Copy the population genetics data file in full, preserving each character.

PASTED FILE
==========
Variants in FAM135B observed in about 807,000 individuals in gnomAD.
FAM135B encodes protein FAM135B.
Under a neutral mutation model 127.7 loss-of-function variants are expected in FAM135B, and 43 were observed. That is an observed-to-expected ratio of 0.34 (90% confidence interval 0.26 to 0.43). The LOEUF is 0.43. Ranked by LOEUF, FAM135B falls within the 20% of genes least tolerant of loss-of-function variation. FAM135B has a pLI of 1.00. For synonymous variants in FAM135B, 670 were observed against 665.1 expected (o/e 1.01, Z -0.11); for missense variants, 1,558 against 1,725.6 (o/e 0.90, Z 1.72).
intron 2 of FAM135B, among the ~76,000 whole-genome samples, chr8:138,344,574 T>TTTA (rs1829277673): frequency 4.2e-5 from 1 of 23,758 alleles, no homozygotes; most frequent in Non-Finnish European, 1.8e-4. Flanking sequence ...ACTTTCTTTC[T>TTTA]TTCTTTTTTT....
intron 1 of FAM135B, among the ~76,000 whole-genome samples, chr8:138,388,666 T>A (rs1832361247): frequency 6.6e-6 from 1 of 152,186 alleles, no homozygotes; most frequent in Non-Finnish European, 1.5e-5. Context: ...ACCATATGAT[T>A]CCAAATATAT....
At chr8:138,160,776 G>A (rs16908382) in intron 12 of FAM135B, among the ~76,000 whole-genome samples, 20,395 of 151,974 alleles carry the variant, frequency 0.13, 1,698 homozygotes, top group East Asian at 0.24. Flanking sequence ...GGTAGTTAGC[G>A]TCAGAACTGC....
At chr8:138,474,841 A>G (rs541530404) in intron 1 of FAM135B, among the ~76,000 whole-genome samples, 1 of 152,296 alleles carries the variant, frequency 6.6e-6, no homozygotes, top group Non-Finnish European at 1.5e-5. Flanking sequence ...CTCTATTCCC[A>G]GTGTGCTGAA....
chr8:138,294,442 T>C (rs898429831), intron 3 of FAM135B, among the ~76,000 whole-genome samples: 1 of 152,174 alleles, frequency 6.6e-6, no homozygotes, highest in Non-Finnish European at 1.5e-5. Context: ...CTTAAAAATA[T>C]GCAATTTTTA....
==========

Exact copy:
Variants in FAM135B observed in about 807,000 individuals in gnomAD.
FAM135B encodes protein FAM135B.
Under a neutral mutation model 127.7 loss-of-function variants are expected in FAM135B, and 43 were observed. That is an observed-to-expected ratio of 0.34 (90% confidence interval 0.26 to 0.43). The LOEUF is 0.43. Ranked by LOEUF, FAM135B falls within the 20% of genes least tolerant of loss-of-function variation. FAM135B has a pLI of 1.00. For synonymous variants in FAM135B, 670 were observed against 665.1 expected (o/e 1.01, Z -0.11); for missense variants, 1,558 against 1,725.6 (o/e 0.90, Z 1.72).
intron 2 of FAM135B, among the ~76,000 whole-genome samples, chr8:138,344,574 T>TTTA (rs1829277673): frequency 4.2e-5 from 1 of 23,758 alleles, no homozygotes; most frequent in Non-Finnish European, 1.8e-4. Flanking sequence ...ACTTTCTTTC[T>TTTA]TTCTTTTTTT....
intron 1 of FAM135B, among the ~76,000 whole-genome samples, chr8:138,388,666 T>A (rs1832361247): frequency 6.6e-6 from 1 of 152,186 alleles, no homozygotes; most frequent in Non-Finnish European, 1.5e-5. Context: ...ACCATATGAT[T>A]CCAAATATAT....
At chr8:138,160,776 G>A (rs16908382) in intron 12 of FAM135B, among the ~76,000 whole-genome samples, 20,395 of 151,974 alleles carry the variant, frequency 0.13, 1,698 homozygotes, top group East Asian at 0.24. Flanking sequence ...GGTAGTTAGC[G>A]TCAGAACTGC....
At chr8:138,474,841 A>G (rs541530404) in intron 1 of FAM135B, among the ~76,000 whole-genome samples, 1 of 152,296 alleles carries the variant, frequency 6.6e-6, no homozygotes, top group Non-Finnish European at 1.5e-5. Flanking sequence ...CTCTATTCCC[A>G]GTGTGCTGAA....
chr8:138,294,442 T>C (rs898429831), intron 3 of FAM135B, among the ~76,000 whole-genome samples: 1 of 152,174 alleles, frequency 6.6e-6, no homozygotes, highest in Non-Finnish European at 1.5e-5. Context: ...CTTAAAAATA[T>C]GCAATTTTTA....